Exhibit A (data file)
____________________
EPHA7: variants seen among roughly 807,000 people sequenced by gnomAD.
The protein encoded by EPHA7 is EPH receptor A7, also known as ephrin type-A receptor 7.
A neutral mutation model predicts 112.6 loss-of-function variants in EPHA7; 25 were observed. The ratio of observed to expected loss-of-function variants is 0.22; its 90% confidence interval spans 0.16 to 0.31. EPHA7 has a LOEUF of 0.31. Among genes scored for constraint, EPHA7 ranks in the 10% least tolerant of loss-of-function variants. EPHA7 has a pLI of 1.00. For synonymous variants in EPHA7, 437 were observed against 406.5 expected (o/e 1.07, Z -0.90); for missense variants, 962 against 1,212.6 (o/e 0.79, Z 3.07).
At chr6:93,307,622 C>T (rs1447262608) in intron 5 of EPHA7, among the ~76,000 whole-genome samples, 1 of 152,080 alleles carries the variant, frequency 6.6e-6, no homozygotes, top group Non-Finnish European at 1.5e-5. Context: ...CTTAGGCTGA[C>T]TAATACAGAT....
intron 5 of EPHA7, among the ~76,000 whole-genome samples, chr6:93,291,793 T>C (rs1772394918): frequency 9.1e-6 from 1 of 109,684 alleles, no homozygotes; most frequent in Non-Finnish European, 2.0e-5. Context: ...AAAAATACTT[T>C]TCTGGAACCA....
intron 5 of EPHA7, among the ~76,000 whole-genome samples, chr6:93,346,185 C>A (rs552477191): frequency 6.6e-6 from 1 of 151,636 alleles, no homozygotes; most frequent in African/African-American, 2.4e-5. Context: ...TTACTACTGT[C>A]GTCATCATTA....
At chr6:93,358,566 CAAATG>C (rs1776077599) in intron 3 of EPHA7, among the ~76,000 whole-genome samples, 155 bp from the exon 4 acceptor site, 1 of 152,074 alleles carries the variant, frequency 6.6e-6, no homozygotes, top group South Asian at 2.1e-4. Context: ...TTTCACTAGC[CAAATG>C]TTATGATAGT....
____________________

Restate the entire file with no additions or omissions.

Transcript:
EPHA7: variants seen among roughly 807,000 people sequenced by gnomAD.
The protein encoded by EPHA7 is EPH receptor A7, also known as ephrin type-A receptor 7.
A neutral mutation model predicts 112.6 loss-of-function variants in EPHA7; 25 were observed. The ratio of observed to expected loss-of-function variants is 0.22; its 90% confidence interval spans 0.16 to 0.31. EPHA7 has a LOEUF of 0.31. Among genes scored for constraint, EPHA7 ranks in the 10% least tolerant of loss-of-function variants. EPHA7 has a pLI of 1.00. For synonymous variants in EPHA7, 437 were observed against 406.5 expected (o/e 1.07, Z -0.90); for missense variants, 962 against 1,212.6 (o/e 0.79, Z 3.07).
At chr6:93,307,622 C>T (rs1447262608) in intron 5 of EPHA7, among the ~76,000 whole-genome samples, 1 of 152,080 alleles carries the variant, frequency 6.6e-6, no homozygotes, top group Non-Finnish European at 1.5e-5. Context: ...CTTAGGCTGA[C>T]TAATACAGAT....
intron 5 of EPHA7, among the ~76,000 whole-genome samples, chr6:93,291,793 T>C (rs1772394918): frequency 9.1e-6 from 1 of 109,684 alleles, no homozygotes; most frequent in Non-Finnish European, 2.0e-5. Context: ...AAAAATACTT[T>C]TCTGGAACCA....
intron 5 of EPHA7, among the ~76,000 whole-genome samples, chr6:93,346,185 C>A (rs552477191): frequency 6.6e-6 from 1 of 151,636 alleles, no homozygotes; most frequent in African/African-American, 2.4e-5. Context: ...TTACTACTGT[C>A]GTCATCATTA....
At chr6:93,358,566 CAAATG>C (rs1776077599) in intron 3 of EPHA7, among the ~76,000 whole-genome samples, 155 bp from the exon 4 acceptor site, 1 of 152,074 alleles carries the variant, frequency 6.6e-6, no homozygotes, top group South Asian at 2.1e-4. Context: ...TTTCACTAGC[CAAATG>C]TTATGATAGT....